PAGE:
We present a table summarizing the probable outcomes below.

We believe the "Low" case is unrealistic as there is no way that an incremental $2 trillion in UST issuance will not move rates higher. Therefore we believe the Medium case is really the realistic downside rate case. In that case, the average monthly interest payment will increase from $14.3 billion to $24 billion: a 67% increase. It will also represent 16% of total Treasury receipts, compared to the current sub 10%. This is 6% that could be going to education, healthcare, defense or many other "core" programs.

Yet the scenarios that trouble us are the "High" and "Catastrophe" a/k/a Black Swan, cases. If MS is correct and 10 rates reach 5.5%, if the curve flattens, and if the UST manages to extend the average maturity well into the 5-10 year bracket, the 5% interest rate scenario is all too realistic. In this case, Interest payment will grow to an alarming 25% of all monthly receipts, while the average monthly interest outflow will reach $38 billion, a 162% increase.

Finally, if the low probability "Catastrophe" Projection Case comes through, Japan, here we come. Should prevailing Treasury rates somehow hit 10%, the average monthly interest outlay will reach $75 billion, a 400%+ increase from current outflows, and the Annual Interest expense as a % of LTM Core UST receipts will hit a stunning 50%! This means that the Treasury will spend 50% of all tax receipts merely to cover interest expense. And this assumes that the Trust Funds on the UST's balance sheet are not converted into actual outflow generating securities (more on this topic in a later post).

A full two-dimensional sensitivity analysis also takes into consideration the only real natural source of cash for the Treasury (aside from financings): tax receipts, both individual and corporate. We have demonstrated previously the dramatic deterioration in Treasury tax withholdings. The continued persistence of this trend is the single biggest nightmare for the Administration, as one can only finance budget shortfalls for so long, as tax receipts decline. The current combined LTM Treasury tax receipts (gross, not net of refunds) amount to $1.8 trillion. Should this number decline further, due to the administration's heavy handed approach in appeasing the electorate at the expense of the relevant tax payers (i.e, the richest 10% of the population which pays the bulk of the nation's taxes), and should increasing numbers of US taxpayers flee to overseas tax havens, there is legitimate case that should interest rates skyrocket, then the US Treasury could see 100%+ of all tax revenues going simply to cover interest expense. As anyone remotely familiar with economics or finance is well aware, this would be the end for America. In other words, we currently have a buffer of $400 billion in tax receipts declines, and about 10% in interest rate increases before America is officially bankrupt.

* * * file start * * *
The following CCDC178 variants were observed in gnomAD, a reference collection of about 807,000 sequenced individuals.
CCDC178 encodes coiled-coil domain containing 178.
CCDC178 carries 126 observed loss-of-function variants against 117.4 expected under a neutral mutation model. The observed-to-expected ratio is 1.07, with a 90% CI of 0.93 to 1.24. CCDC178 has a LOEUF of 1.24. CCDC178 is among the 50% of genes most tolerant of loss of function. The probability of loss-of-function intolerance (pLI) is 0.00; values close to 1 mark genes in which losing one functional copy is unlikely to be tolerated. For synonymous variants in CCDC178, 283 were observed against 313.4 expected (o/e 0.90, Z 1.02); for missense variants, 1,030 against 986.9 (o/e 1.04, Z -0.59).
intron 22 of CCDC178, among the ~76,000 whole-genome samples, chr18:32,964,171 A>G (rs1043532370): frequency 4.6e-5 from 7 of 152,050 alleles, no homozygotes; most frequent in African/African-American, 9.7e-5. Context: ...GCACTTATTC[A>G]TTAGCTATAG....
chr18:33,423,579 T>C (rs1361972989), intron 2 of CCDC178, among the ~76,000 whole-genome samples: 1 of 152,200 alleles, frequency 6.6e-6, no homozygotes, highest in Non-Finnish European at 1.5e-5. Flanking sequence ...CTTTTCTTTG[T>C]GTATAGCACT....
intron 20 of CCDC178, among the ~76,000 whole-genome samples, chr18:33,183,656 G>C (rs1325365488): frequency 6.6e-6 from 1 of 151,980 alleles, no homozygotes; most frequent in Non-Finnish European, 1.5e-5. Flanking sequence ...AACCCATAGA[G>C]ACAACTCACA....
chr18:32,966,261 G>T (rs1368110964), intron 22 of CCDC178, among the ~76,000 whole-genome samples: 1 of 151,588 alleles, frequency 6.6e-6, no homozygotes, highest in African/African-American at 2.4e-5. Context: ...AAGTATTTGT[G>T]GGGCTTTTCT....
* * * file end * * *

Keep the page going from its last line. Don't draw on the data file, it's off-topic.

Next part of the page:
While the realistic outcome over the next 12 months will likely be between the Medium and the High cases, it implies that ever more tax dollars will have to be used simply to cover interest payments to both domestic and foreign creditors. And should the liquidity and funding crisis in Europe escalate, and the hatchling Black Swan migrate across the pond, causing a spike in Treasury Interest Rates, then what pundits lament about Japan's debt spiral will promptly be forgotten, as it becomes an all too real phenomenon not across the Pacific but here in our own country.


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Sat, 02/13/2010 - 18:22 | 230140 Anonymous
Anonymous's picture


Sat, 02/13/2010 - 18:26 | 230143 NoBull1994
NoBull1994's picture

Presently, 25% of my portfolio is in the TBF.  If I had bigger nuts, and fully understood the ETF, would be 100%.

Sat, 02/13/2010 - 18:49 | 230162 Shiznit Diggity
Shiznit Diggity's picture

You're betting against Hugh Hendry. Do you feel lucky?

Sat, 02/13/2010 - 18:39 | 230155 BlackBeard
BlackBeard's picture

I'll have the black swan please.  Plum sauce on the side.

Sat, 02/13/2010 - 19:38 | 230187 IKEA Is Swedish
IKEA Is Swedish's picture

And a cheap single malt scotch to wash it down.

Sun, 02/14/2010 - 16:13 | 230819 perchprism
perchprism's picture


Yesterday I added 12 bottles of Glenfidditch to my bugout stash under the house. 

Sun, 02/14/2010 - 17:38 | 230876 SWRichmond
SWRichmond's picture

The 12 or the 15?

Sun, 02/14/2010 - 19:39 | 230952 WaterWings
WaterWings's picture

The 18 is like gold - you have to wait for the right customer, just like gold.

Also, imagine bugging out with X number of bottles...what if you run out of gas? Oh wait, you were planning on walking out of the city? Oh...well. That's all rather heavy. Gold and silver are quite portable!

Okay, really, no matter what you acquire it might as well be the most inexpensive, that you can store securely, without attracting attention. Sprinkle your stash with a couple of 18-year-olders for the sophisticates willing to pay...but forget the masses being able to appreciate the refined items. Cheap booze = silver. Rare scotch = gold.

Think volume.